Growth is seen as top election issue

July 03, 1994|By John A. Morris | John A. Morris,Sun Staff Writer

The more issues change, the more they stay the same.

That's how Bob Adams of Chesterfield sees it.

Crime and education may have registered on public opinion polls as the most important concerns in the minds of Anne Arundel County voters this year, but Mr. Adams says all the problems stem from growth.

"My personal view is, the overcrowding and overgrowth, people packed too densely together, it affects both [crime and education]," said Mr. Adams, vice president of his community association.

Growth concerns, such as traffic congestion and classroom overcrowding, dominated county politics in the 1980s. But their resonance with voters appeared to wane in 1990 when Robert R. Neall, a fiscal conservative with shaky environmental credentials, won the county executive's job.

Today, voters rarely use the word "growth" when they talk about their concerns. But the issues most on their minds are symptoms of a growing, changing county.

A poll conducted last winter for the county government found crime and education had outstripped taxes, the dominant issue in 1992, as residents' greatest worry. About 28 percent mentioned crime and education as their top concerns, while only 12 percent cited taxes and government spending.

"It was 'the economy, stupid' in '92, and I guess 'it's crime, stupid' now," said Dan Nataf, a Severna Park resident and a professor of political science at the University of Maryland Baltimore County.

What residents want done about crime or education is less clear, leaving candidates groping for solutions that will capture imaginations and votes.

"Most candidates will tell you the same thing," said Joan Beck, an Annapolis resident and candidate for the state House of Delegates in District 30. "The voters want us to be harder on criminals. They want longer sentences. They don't like plea bargains, and they are tired of revolving-door justice."

State House candidates say a key difference among them will be their plans to pay for the new prisons needed to keep criminals off the streets longer.

Clifton Prince, a resident of the Cedar and Morris Hill community, said he will be looking for county council and executive candidates who would increase the size of the police force.

"The police are probably doing as much as they can with the limited resources they have," said Mr. Prince, principal of Arundel Middle School in Odenton.

Education could emerge this summer as a bigger concern than crime. Residents appear particularly interested in school redistricting and in spending more time and resources on classrooms than administrative offices.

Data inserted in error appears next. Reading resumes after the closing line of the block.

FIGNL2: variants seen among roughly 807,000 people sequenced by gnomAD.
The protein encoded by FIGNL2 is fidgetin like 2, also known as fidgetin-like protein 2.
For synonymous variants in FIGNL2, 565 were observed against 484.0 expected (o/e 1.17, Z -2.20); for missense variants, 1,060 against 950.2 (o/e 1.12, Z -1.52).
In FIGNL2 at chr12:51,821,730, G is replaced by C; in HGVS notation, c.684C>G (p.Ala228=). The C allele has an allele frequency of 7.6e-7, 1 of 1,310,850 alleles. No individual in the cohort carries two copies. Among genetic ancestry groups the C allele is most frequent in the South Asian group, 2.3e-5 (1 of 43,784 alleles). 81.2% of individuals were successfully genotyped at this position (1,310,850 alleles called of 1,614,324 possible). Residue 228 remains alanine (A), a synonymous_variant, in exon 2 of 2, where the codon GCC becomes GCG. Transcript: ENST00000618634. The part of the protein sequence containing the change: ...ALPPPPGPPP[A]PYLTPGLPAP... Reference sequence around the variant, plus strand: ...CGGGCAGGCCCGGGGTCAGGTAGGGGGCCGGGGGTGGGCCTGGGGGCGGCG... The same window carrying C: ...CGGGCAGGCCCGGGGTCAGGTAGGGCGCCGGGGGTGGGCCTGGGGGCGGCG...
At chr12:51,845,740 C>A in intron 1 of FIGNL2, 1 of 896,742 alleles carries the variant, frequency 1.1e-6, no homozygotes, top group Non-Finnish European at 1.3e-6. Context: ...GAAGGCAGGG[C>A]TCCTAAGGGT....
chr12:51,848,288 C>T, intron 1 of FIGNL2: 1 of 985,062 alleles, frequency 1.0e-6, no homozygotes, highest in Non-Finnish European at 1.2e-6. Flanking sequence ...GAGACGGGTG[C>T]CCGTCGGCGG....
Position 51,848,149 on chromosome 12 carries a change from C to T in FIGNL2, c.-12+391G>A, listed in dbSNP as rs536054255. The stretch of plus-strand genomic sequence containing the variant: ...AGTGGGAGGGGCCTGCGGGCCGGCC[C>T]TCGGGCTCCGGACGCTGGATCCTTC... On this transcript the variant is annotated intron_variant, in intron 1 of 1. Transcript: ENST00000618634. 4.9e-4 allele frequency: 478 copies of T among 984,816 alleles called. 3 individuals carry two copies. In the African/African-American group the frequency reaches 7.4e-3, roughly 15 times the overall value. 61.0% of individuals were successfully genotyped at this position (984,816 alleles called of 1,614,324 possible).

"I'm very concerned as a parent that class sizes have become too large and that teachers aren't getting the respect and administrative backup that they need," said Sheila LoCastro, an Arnold mother.

Brian Brooks, a Pasadena resident and a Republican delegate candidate in District 31, said he believed the case of Ronald W. Price, the former Northeast High School social studies teacher convicted of child sex abuse charges, also has shaken the community's confidence in the school board.

To make the board more accountable, some parents and candidates have suggested that board members should be elected rather than appointed by the governor. Others say the County Council and executive, who control the purse strings, must provide more teachers and instructional material.

Polls also confirm Mr. Adams' belief that growth and development remain a concern of many residents, particularly when it is related to schools. The county's poll shows growth tied with taxes after crime and education.

Mary Rosso, a Glen Burnie resident and member of an environmental political action committee, said environmental groups will be looking for candidates committed to clamping down on waivers to the county's adequate facilities ordinance.

How the county disposes of residents' trash should be an issue, Mr. Prince said, but he is not optimistic. Except on Earth Day, people in his community think little about the environment, he said.

"As big as recycling should be, I don't believe we are doing our fair share . . . to cut down on how much goes into the landfill," Mr. Prince said.

Meanwhile, John Klocko of Crofton, a Republican candidate for County Council, said that while candidates should address the issues, it is unrealistic to try to extract specific promises. After all, he said, they have only a vague idea what circumstances will be a year from now.

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